Have you heard the latest weight loss research? “In one study of nearly 1,700 overweight and obese adults, those who kept daily food diaries lost twice as much weight as those who did not,” according to the Summer 2010 issue of Glendale Adventist Hospital’s Health Quarterly.
Why are food journals so effective? Here are just a few reasons:
They instill a greater awareness of the daily amount of calories you consume, as well as the nutritional quality of your food choices.
Looking up the foods you eat in a calorie counter book or online tool helps you to identify which foods are excessively high in calories, and can be easily eliminated and/or substituted with more healthy fare. An example would be eliminating sugary soft drinks, overly-rich coffee drinks or alcoholic beverages.
When you plan your meals a day ahead, the food journal helps you prepare for unusual situations, such as special occasions (weddings, birthdays, etc.), restaurant meals, vacations, buffet meals and potlucks.
You can incorporate your week’s exercise sessions into the food journal.
You may note your mood behind certain food behaviors and circumstances, and take journaling to the next level - to evaluate what is truly going on in your life. You will see where changes that extend well beyond your initial weight loss goals may be needed.
How can you best implement this sound advice? Follow these three steps: 1. Awareness, 2. Analysis and 3. Implementation.
Take a small notebook and divide it into three columns: “Time/Amount/Food” and write down everything that goes into your mouth, including beverages, for one week. Other options are calorieburn.com, calorieking.com or a handy iPhone or iPad app - do what works best for you!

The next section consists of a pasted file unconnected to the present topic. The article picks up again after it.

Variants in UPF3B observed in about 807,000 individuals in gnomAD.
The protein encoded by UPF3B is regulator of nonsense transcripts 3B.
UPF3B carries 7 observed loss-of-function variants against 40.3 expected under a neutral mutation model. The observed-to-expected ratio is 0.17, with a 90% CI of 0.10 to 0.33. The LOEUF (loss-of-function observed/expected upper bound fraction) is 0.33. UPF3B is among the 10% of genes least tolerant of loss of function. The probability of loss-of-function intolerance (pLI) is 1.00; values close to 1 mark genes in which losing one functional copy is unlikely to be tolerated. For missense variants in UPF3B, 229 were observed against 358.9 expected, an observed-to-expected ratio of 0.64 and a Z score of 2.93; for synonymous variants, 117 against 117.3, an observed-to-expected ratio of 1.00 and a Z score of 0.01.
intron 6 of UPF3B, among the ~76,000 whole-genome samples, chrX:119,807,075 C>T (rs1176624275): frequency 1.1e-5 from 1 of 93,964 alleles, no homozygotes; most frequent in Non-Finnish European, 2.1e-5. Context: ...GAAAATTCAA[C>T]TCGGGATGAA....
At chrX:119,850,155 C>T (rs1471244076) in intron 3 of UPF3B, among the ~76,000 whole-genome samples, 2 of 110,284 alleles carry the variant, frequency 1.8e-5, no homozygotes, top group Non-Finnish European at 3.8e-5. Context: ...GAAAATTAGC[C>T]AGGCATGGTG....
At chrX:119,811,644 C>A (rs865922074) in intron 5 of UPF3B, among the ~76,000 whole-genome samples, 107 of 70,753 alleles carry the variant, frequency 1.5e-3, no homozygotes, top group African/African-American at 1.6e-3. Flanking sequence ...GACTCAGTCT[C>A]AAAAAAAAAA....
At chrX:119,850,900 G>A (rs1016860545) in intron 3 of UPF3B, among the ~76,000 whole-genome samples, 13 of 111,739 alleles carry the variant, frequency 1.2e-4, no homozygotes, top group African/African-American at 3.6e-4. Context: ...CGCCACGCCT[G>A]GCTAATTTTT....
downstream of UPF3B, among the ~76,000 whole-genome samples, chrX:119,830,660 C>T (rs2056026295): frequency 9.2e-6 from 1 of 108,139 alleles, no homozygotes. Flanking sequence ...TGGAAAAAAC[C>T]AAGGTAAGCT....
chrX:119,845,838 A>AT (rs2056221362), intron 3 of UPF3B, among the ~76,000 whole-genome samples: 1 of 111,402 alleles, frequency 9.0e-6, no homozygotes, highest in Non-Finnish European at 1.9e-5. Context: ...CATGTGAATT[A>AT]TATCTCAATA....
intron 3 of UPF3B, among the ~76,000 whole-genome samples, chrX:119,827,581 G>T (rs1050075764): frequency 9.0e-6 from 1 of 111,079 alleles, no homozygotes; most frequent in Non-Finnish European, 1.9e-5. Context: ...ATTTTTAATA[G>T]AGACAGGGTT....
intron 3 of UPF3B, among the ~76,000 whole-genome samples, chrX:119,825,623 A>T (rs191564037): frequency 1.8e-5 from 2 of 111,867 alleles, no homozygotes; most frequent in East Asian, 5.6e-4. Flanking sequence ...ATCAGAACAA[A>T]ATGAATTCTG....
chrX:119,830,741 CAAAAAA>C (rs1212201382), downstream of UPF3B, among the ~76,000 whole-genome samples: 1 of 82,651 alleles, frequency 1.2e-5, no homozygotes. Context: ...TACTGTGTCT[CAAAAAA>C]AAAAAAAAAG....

Now take a scientific look at the real you: Do you skip breakfast and then overindulge at lunch time? Do you consume a lot of sugary, high-calorie beverages, snack mindlessly at your desk or eat primarily heavy restaurant fare? Do you notice that you eat when you are tired, lonely, stressed out or bored?
Determine, with your calorie counting option, the average calories you consumed for the week. Then, set a new goal for yourself, one or two hundred calories lower – don’t go extremely low! Repeat the journaling as before, adding a fourth column for calories. Stay active, continue to build on the awareness you have established by choosing healthier options, and soon you should see some positive changes when you step on the scale!